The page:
Spoiler warning: Don’t read this, obviously, if you don’t want to hear about the ending of Black Panther: Wakanda Forever. Many spoilers follow.
Black Panther: Wakanda Forever ends joyously, with the revelation that before his death, King T’Challa fathered a son with Nakia (Lupita N’yongo), the love of his life. Nakia reveals to Shuri (Letitia Wright), the boy’s aunt, that she has been raising her adorable 6-year-old son solo in her new country, Haiti, where he has taken the great name of Toussaint. But his real name, he reveals to Shuri, is the same as his father’s: T’Challa.
When I saw Wakanda Forever, people streamed out of the theater talking about what a beautiful moment it was. It reminded us all that when one story ends, another begins. In a way it even softened the blow of losing a fictional character we love, though not the blow of losing the actor who played him so regally.
But as effective as the moment was in providing a powerful emotional climax for the audience, it makes no sense, the more you think about it, within the universe of Black Panther. Yes, the big reveal is set up earlier in Wakanda Forever, as Queen Ramonda (Angela Bassett) tries to tell Shuri something important about her brother. But then something comes up, and the big reveal is left to Nakia. Which — for reasons we’ll get into — feels false.
The first potential issue: Does T’Challa seem like the kind of man who would be cool with the love of his life, Nakia, traveling to the other side of the world, Haiti, to raise his only child, who also happens to be the heir to the Wakandan throne? His endless loyalty to his family and his great nation make the scenario unlikely. Nakia explains to Shuri that she didn’t want her son growing up around all the stressful business of succession, but come on: No one talks to little kids about succession plans, except on House of the Dragon. If she wanted to dodge the Wakandan tabloids (a big if, because Wakanda is too advanced for tabloids, right?) she and T’Challa could have easily found a love nest up in the mountains, protected by the Jabari or a wing of the Dora Milaje, and forbidden anyone from mentioning young T’Challa’s princeling status, even as his parents commuted into the big city for important meetings and battles and handled everything else via Zoom.
But there is actually a very solid explanation for Nakia deciding to go it alone without T’Challa: The Snap.
T’Challa, remember, was among the half of all people on Earth who disappeared at the end of 2018’s Avengers: Infinity War, and didn’t return for five years. He wasn’t around to be a father to his son, because he spent five years not existing. (Or existing as ash. Or something.) Perhaps, facing life as a single parent, Nakia decided to seek out a fresh start in beautiful Haiti instead of staying in a country where everything reminds her of the elder T’Challa.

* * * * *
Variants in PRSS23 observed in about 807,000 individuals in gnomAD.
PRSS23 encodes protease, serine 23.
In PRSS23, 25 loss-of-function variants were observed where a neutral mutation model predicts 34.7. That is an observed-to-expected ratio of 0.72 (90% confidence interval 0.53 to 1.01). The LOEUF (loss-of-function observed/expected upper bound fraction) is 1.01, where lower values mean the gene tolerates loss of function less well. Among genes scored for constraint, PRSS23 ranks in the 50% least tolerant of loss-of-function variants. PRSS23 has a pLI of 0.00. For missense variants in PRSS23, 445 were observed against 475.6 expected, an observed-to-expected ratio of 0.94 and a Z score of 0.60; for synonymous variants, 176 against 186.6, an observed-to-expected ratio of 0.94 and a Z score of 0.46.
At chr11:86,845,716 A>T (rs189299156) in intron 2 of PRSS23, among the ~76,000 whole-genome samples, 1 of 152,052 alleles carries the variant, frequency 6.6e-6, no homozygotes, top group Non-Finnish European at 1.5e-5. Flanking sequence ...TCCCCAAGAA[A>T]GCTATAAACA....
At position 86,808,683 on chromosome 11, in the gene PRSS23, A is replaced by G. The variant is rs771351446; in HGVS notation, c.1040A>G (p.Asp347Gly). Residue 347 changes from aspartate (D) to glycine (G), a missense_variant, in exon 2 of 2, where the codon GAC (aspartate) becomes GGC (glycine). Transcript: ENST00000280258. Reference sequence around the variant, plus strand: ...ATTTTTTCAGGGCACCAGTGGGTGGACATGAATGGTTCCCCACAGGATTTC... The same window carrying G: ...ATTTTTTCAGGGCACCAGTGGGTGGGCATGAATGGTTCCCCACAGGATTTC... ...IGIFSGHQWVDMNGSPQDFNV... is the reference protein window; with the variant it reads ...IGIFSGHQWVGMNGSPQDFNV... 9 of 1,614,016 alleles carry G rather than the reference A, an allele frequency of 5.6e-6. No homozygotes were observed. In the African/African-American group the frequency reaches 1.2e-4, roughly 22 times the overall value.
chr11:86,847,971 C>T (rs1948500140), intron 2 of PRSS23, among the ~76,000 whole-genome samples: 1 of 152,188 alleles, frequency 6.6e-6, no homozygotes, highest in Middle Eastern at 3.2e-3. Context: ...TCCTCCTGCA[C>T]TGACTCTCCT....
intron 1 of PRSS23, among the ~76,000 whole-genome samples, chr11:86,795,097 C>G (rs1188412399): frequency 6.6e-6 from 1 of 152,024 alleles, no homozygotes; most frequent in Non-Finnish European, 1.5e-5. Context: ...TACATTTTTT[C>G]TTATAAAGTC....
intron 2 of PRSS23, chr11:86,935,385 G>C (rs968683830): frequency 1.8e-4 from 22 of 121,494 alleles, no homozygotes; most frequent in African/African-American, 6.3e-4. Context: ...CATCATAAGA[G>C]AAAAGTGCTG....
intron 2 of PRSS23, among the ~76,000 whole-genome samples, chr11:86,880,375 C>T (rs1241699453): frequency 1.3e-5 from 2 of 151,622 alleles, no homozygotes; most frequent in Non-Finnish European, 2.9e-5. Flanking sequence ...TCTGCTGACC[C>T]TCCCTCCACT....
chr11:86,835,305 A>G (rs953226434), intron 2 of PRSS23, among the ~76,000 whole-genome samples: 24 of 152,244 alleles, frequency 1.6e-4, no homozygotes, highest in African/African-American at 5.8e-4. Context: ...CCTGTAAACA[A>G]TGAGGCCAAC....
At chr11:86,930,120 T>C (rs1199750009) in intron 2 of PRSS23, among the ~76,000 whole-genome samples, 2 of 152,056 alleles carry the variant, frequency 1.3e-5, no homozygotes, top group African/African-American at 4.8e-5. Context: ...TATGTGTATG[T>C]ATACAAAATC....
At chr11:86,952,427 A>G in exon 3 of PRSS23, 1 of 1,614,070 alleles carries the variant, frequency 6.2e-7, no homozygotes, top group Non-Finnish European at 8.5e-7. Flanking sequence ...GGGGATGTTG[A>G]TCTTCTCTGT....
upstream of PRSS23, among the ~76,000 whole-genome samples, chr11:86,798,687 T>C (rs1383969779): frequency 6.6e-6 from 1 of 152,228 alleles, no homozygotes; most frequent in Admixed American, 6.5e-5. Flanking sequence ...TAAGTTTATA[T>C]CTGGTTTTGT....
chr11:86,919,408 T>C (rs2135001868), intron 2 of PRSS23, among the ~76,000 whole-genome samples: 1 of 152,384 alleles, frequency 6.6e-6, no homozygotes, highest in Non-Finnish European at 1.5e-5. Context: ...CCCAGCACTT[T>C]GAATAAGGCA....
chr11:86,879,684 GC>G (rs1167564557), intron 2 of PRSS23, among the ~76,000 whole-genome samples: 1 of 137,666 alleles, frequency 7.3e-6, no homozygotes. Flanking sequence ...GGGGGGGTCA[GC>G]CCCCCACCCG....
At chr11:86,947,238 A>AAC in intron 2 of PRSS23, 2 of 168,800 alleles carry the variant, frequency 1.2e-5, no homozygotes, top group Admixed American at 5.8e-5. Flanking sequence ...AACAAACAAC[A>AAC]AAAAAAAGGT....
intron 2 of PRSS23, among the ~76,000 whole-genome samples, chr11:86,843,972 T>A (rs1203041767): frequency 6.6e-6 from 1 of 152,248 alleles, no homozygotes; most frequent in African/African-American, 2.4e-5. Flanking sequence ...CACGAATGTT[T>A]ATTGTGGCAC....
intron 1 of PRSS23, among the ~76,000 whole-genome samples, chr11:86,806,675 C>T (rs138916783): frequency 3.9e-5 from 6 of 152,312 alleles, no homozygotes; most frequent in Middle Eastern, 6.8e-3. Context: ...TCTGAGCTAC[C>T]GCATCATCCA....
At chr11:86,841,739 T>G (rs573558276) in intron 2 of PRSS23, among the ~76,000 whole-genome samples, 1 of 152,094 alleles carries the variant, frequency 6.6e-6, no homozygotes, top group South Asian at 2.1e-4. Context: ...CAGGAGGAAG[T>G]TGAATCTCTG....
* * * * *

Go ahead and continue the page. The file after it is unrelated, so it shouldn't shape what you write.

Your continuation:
The timing is tight, but it checks out: Let’s assume he and Nakia conceived their son sometime around or after the events of the first Black Panther. Then T’Challa was snapped from existence, and returned after five years (one year for us fans) in 2019’s Avengers: Endgame. Soon after this, in a tragic twist of fate, he dies of the mysterious disease that claims his life in the excellent, moving opening of Black Panther: Wakanda Forever. As Nakia explains, she opted not to bring her son home for the funeral for various reasonable reasons.
So this all checks out, too.
What makes no sense is that for six years — with the near-exception of Ramonda — no one bothered to tell Shuri that she’s an aunt. Not her brother or mother, to whom she’s exceptionally close, and not Nakia. Okay: Maybe T’Challa was busy dealing with Thanos, and then being a nonentity for five years. But why wouldn’t Ramonda mention it? Or Nakia? It isn’t like Shuri is a reckless gossip who would go posting pictures of the baby on Instagram. It isn’t like Shuri and her relatives are estranged. She’s one of the most reliable and trusted people in the family, and in Wakanda.
There’s kind of an explanation here, too: Shuri also disappeared in The Snap. She, like her brother, was gone for five years. So it makes sense that no one told her about little Toussaint/T’Challa — during those five years.
But if you came back from five years away, and asked people, “Did I miss anything?” wouldn’t you expect them to tell you, very quickly, that you were going to be an aunt for the first time? Even if you were very busy — if your brother had a terminal disease you were trying to cure, and you were trying to rebuild a country and world that had just lost, then regained, half its population in just five years — someone would tell you. The birth of a new child is a massive moment in any family, and especially in a family that rules the most advanced country in the world. Black Panther: Wakanda Forever withholds news of the child until a critical point in the film, for maximum dramatic effect.
Of course we all give every movie some suspension of disbelief and grace when it comes to storytelling — especially when we’re rooting hard for the film to succeed, amid terrible tragedy. But the final scene of the Wakanda Forever unravels key things we thought we knew about Shuri, our new lead character, and her dynamic with the people she loves most. It’s a frustrating case of something working emotionally without making sense.
Black Panther: Wakanda Forever is now in theaters.